Going over the poles on the long side of the rectangle (2.) was very helpful for illustrating to me how I'm dropping Bailey's support at times when I'm really asking him to gather himself. Rather than keeping the support on I drop it between the two sets of poles and then he gets strung out over the second set. After doing that for a while I switched to making a turn about halfway down the short side and then leg yielding to between the poles and going over them (3.). When leg yielding towards the right (that would be cuing with left rein and leg) it was very difficult. That's my weak side for cues anyway and I was still having the rein cross-over issue. Also, my weight was falling in which blocked his movement. When I finally got myself sorted he did this beautifully (basically I spend most of my time learning how to get out of my horse's way so he can do what I ask). I'd like to try this exercise again now that I feel I've worked out a few of these issues.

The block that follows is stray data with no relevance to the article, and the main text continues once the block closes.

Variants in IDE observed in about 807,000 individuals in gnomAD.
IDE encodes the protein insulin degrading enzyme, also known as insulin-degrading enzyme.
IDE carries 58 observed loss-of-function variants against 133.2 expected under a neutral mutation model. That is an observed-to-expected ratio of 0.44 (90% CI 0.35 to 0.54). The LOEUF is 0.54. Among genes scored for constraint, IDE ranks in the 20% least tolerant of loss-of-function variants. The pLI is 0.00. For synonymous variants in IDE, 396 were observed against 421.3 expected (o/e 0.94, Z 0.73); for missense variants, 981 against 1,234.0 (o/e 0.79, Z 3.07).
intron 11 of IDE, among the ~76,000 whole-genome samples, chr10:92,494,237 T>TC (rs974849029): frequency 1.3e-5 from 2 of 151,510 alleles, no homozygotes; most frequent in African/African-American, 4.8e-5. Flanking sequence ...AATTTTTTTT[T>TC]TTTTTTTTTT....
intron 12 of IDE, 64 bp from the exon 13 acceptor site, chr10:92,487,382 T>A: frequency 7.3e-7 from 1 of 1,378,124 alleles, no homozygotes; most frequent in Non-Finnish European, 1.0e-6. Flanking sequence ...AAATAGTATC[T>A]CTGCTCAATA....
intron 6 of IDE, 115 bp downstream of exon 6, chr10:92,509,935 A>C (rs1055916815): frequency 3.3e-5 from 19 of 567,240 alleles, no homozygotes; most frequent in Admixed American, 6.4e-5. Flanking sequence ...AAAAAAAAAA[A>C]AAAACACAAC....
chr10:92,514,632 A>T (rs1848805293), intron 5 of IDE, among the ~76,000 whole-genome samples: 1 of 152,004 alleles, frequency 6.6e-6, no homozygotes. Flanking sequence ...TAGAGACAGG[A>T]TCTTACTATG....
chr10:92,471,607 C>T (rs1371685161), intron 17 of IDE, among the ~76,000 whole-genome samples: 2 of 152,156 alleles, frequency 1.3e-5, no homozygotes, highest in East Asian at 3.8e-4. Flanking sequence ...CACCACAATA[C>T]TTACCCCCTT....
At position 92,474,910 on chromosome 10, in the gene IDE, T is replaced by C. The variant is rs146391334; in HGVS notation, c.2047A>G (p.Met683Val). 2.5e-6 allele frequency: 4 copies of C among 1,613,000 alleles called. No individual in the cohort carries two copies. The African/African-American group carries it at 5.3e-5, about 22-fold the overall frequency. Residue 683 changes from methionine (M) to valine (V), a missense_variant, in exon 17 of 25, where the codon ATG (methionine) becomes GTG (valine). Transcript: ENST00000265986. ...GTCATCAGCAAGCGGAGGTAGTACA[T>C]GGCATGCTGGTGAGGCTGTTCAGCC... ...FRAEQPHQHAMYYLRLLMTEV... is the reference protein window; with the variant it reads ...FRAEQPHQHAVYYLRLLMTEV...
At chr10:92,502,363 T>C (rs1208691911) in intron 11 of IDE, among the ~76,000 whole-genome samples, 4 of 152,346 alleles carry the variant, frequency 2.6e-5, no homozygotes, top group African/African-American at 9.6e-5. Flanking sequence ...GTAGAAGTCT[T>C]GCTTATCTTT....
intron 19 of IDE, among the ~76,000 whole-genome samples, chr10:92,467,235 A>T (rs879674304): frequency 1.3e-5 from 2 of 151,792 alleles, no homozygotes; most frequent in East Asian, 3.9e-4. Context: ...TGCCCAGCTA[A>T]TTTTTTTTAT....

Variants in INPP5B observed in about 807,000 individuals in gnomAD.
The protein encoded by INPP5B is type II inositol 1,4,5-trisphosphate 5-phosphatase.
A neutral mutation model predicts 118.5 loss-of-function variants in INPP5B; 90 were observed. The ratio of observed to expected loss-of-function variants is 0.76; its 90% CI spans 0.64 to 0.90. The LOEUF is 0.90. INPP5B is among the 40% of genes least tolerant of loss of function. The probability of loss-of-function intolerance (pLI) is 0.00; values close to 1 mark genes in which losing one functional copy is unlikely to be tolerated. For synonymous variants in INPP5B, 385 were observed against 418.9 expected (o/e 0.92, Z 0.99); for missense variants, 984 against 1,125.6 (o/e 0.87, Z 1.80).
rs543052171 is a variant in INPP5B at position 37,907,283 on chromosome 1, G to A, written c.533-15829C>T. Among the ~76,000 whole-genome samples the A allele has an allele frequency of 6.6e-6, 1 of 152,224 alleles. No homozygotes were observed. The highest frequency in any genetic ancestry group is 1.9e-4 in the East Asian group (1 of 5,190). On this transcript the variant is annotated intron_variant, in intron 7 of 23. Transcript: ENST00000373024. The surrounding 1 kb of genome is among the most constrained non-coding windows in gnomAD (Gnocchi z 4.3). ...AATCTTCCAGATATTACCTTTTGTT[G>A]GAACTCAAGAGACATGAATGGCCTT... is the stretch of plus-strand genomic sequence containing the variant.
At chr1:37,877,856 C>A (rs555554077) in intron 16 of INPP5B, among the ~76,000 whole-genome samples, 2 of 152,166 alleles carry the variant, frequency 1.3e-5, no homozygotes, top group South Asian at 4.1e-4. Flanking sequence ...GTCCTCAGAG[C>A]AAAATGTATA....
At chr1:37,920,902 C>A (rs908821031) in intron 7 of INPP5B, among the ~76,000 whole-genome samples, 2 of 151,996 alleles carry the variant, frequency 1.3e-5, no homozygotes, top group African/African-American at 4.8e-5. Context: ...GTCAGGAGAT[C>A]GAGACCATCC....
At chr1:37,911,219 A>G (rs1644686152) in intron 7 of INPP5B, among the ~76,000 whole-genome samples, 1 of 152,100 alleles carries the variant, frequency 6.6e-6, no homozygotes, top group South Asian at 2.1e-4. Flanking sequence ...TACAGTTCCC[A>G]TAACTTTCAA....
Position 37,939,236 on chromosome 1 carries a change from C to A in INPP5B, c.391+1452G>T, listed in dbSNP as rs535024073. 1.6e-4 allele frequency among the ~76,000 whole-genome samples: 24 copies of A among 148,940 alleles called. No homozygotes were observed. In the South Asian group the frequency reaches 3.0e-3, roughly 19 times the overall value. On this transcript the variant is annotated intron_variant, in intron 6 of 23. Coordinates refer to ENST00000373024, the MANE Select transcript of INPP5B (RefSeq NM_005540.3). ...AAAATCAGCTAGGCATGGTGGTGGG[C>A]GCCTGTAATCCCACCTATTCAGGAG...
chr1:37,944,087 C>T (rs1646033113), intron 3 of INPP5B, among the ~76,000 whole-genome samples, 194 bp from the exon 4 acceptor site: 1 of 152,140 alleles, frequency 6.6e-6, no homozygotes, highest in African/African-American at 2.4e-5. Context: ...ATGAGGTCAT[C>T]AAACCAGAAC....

The last exercise (4.) was at a canter (all previous were at trot or walk). We warmed up to the pattern at a trot and then went to canter. These were large figure 8/circles with poles to go over at about 4 and 8 o'clock and 2 and 10 o'clock. Simple lead changes where indicated. The difficulty here ended up being keeping him on the circle. On the right lead he kept drifting out and on the left lead he kept drifting in. Obviously that would lead to not coming up to the poles correctly and breaking the gait, losing the circle. We never did get this done really well so it would be nice to come back to it.